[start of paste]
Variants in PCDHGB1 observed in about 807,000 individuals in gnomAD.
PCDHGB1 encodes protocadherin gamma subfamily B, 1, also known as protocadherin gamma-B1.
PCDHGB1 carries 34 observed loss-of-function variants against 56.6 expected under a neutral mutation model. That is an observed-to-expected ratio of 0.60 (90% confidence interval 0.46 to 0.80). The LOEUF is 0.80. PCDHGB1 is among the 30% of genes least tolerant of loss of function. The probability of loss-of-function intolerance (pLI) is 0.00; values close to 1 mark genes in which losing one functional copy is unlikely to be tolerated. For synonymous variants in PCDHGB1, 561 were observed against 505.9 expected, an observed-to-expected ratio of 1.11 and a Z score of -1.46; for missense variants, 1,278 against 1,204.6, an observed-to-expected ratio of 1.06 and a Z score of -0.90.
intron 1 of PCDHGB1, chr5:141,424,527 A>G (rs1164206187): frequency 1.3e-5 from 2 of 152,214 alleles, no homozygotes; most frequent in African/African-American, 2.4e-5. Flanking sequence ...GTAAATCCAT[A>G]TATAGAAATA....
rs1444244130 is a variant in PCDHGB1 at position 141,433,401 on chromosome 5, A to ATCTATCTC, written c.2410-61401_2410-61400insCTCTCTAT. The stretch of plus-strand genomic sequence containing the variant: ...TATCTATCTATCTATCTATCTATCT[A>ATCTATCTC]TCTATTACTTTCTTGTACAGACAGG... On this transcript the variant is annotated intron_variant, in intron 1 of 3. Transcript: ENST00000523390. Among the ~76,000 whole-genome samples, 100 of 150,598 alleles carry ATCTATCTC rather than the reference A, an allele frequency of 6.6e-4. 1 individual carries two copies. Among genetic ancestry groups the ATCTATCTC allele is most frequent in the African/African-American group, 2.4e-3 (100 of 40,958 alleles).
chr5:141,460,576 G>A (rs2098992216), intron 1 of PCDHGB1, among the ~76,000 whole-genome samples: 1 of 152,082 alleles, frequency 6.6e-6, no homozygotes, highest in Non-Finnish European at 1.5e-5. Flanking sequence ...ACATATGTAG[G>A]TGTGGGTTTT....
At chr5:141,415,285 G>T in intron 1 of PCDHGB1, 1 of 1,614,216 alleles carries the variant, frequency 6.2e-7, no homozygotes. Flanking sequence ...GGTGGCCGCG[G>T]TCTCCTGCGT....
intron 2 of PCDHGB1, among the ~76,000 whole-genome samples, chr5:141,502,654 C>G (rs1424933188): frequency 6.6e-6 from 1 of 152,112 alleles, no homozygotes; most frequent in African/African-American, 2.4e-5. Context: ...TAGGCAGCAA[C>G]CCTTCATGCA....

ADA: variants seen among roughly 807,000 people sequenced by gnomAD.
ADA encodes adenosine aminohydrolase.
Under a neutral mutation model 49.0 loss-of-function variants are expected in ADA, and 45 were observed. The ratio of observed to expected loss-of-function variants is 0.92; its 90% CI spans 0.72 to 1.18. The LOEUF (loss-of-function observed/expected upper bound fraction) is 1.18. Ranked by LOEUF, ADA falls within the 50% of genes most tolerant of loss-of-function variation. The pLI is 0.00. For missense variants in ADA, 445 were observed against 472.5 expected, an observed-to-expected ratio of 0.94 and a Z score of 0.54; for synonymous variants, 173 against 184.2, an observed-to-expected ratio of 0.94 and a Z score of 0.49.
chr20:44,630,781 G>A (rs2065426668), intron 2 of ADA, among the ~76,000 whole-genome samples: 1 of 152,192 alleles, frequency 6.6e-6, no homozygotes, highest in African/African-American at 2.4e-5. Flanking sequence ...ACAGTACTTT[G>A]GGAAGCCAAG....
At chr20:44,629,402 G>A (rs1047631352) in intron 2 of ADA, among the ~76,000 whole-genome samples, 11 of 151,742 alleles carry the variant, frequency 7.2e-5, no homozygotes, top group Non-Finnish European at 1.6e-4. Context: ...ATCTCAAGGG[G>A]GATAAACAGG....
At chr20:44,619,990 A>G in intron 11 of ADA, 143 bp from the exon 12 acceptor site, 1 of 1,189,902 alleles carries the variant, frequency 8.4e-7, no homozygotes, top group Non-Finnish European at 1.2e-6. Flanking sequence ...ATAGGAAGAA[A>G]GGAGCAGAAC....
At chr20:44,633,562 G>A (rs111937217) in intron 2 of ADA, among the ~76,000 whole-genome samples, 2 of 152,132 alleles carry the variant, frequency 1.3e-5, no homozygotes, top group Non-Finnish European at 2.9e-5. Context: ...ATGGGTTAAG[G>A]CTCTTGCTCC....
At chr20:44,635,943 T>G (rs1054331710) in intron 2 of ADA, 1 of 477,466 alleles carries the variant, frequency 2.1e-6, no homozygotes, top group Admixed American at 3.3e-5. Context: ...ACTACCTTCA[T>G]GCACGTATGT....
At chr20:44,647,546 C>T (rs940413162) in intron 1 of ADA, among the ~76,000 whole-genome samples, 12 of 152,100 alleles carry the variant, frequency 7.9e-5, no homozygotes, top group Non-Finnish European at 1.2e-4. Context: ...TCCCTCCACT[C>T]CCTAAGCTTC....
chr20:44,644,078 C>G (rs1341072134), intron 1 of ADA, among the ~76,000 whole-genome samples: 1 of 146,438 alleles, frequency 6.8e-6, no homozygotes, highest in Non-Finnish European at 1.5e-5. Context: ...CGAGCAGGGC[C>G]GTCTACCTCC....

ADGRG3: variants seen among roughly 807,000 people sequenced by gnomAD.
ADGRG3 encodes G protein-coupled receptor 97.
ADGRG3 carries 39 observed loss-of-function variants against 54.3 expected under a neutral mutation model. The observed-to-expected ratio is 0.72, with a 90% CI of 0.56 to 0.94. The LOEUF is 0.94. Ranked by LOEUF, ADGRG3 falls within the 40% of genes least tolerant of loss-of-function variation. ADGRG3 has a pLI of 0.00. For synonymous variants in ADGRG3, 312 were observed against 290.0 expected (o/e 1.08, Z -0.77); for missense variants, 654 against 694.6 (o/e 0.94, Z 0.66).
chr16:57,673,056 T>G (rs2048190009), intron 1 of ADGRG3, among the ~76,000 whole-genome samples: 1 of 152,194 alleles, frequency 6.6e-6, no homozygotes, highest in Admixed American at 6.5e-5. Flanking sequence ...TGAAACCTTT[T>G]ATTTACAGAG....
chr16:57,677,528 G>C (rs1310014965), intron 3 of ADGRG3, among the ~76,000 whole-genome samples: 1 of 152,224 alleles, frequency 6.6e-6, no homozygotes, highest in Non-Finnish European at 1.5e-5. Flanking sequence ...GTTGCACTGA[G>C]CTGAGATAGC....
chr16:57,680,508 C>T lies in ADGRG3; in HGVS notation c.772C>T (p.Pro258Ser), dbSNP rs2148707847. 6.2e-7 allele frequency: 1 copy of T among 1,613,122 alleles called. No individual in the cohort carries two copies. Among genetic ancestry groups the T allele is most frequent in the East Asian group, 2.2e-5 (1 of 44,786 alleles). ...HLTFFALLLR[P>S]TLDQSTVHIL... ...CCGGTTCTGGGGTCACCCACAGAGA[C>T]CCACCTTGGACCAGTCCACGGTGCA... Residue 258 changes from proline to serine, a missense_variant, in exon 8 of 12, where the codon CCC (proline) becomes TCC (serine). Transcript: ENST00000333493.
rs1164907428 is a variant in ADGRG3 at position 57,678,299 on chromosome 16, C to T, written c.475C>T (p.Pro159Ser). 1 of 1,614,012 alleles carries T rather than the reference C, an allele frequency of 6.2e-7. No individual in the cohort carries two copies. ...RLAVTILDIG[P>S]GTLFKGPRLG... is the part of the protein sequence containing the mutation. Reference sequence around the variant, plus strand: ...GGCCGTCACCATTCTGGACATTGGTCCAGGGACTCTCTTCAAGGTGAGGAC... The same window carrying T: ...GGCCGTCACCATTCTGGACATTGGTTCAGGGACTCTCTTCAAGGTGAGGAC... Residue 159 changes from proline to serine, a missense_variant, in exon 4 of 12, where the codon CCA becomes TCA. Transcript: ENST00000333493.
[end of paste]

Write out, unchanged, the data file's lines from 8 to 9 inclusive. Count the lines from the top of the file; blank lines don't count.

intron 2 of PCDHGB1, among the ~76,000 whole-genome samples, chr5:141,502,654 C>G (rs1424933188): frequency 6.6e-6 from 1 of 152,112 alleles, no homozygotes; most frequent in African/African-American, 2.4e-5. Context: ...TAGGCAGCAA[C>G]CCTTCATGCA....

ADA: variants seen among roughly 807,000 people sequenced by gnomAD.